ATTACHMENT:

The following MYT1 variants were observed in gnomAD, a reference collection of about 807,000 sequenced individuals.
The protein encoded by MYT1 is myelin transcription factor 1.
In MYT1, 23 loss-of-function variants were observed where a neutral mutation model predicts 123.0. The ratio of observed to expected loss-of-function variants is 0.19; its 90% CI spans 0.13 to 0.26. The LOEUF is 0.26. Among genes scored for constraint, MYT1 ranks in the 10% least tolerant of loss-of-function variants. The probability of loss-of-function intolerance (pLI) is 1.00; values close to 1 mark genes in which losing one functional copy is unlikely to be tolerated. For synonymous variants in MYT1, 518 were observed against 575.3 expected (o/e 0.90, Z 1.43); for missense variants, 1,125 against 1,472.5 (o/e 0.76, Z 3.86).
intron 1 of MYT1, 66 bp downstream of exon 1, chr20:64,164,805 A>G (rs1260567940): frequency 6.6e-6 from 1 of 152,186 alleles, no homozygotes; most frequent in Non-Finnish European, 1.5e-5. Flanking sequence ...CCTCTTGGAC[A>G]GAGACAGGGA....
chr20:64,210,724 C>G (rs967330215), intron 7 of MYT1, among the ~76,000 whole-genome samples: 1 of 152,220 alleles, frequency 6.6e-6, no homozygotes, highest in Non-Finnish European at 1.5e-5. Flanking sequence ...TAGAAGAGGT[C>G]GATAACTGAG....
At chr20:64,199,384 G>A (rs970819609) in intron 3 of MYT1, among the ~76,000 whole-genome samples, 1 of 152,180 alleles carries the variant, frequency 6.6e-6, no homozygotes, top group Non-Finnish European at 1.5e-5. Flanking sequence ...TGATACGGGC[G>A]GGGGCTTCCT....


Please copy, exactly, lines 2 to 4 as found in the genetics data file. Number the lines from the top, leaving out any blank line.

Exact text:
The protein encoded by MYT1 is myelin transcription factor 1.
In MYT1, 23 loss-of-function variants were observed where a neutral mutation model predicts 123.0. The ratio of observed to expected loss-of-function variants is 0.19; its 90% CI spans 0.13 to 0.26. The LOEUF is 0.26. Among genes scored for constraint, MYT1 ranks in the 10% least tolerant of loss-of-function variants. The probability of loss-of-function intolerance (pLI) is 1.00; values close to 1 mark genes in which losing one functional copy is unlikely to be tolerated. For synonymous variants in MYT1, 518 were observed against 575.3 expected (o/e 0.90, Z 1.43); for missense variants, 1,125 against 1,472.5 (o/e 0.76, Z 3.86).
intron 1 of MYT1, 66 bp downstream of exon 1, chr20:64,164,805 A>G (rs1260567940): frequency 6.6e-6 from 1 of 152,186 alleles, no homozygotes; most frequent in Non-Finnish European, 1.5e-5. Flanking sequence ...CCTCTTGGAC[A>G]GAGACAGGGA....